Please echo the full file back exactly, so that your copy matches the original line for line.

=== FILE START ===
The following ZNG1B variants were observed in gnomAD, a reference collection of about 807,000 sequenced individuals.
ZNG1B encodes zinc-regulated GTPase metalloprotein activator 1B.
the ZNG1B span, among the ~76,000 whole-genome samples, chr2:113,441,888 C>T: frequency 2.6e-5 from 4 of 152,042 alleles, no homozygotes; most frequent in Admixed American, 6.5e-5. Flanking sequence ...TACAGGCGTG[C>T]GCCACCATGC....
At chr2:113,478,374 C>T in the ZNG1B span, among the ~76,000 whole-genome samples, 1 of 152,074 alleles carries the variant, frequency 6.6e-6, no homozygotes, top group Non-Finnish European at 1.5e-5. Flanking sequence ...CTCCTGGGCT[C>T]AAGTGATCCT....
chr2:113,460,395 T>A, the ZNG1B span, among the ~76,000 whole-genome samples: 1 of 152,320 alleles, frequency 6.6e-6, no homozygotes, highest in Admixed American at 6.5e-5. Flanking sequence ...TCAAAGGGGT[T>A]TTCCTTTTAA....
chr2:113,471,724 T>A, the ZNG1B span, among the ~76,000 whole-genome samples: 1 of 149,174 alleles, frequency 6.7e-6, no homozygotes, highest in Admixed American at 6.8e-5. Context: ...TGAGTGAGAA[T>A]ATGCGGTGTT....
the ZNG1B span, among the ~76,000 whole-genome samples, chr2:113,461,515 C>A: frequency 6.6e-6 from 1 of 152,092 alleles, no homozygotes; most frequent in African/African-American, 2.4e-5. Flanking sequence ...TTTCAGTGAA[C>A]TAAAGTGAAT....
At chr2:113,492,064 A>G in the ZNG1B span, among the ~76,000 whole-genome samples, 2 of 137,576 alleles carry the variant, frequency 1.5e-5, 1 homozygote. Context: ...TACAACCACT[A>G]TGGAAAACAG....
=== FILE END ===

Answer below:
The following ZNG1B variants were observed in gnomAD, a reference collection of about 807,000 sequenced individuals.
ZNG1B encodes zinc-regulated GTPase metalloprotein activator 1B.
the ZNG1B span, among the ~76,000 whole-genome samples, chr2:113,441,888 C>T: frequency 2.6e-5 from 4 of 152,042 alleles, no homozygotes; most frequent in Admixed American, 6.5e-5. Flanking sequence ...TACAGGCGTG[C>T]GCCACCATGC....
At chr2:113,478,374 C>T in the ZNG1B span, among the ~76,000 whole-genome samples, 1 of 152,074 alleles carries the variant, frequency 6.6e-6, no homozygotes, top group Non-Finnish European at 1.5e-5. Flanking sequence ...CTCCTGGGCT[C>T]AAGTGATCCT....
chr2:113,460,395 T>A, the ZNG1B span, among the ~76,000 whole-genome samples: 1 of 152,320 alleles, frequency 6.6e-6, no homozygotes, highest in Admixed American at 6.5e-5. Flanking sequence ...TCAAAGGGGT[T>A]TTCCTTTTAA....
chr2:113,471,724 T>A, the ZNG1B span, among the ~76,000 whole-genome samples: 1 of 149,174 alleles, frequency 6.7e-6, no homozygotes, highest in Admixed American at 6.8e-5. Context: ...TGAGTGAGAA[T>A]ATGCGGTGTT....
the ZNG1B span, among the ~76,000 whole-genome samples, chr2:113,461,515 C>A: frequency 6.6e-6 from 1 of 152,092 alleles, no homozygotes; most frequent in African/African-American, 2.4e-5. Flanking sequence ...TTTCAGTGAA[C>A]TAAAGTGAAT....
At chr2:113,492,064 A>G in the ZNG1B span, among the ~76,000 whole-genome samples, 2 of 137,576 alleles carry the variant, frequency 1.5e-5, 1 homozygote. Context: ...TACAACCACT[A>G]TGGAAAACAG....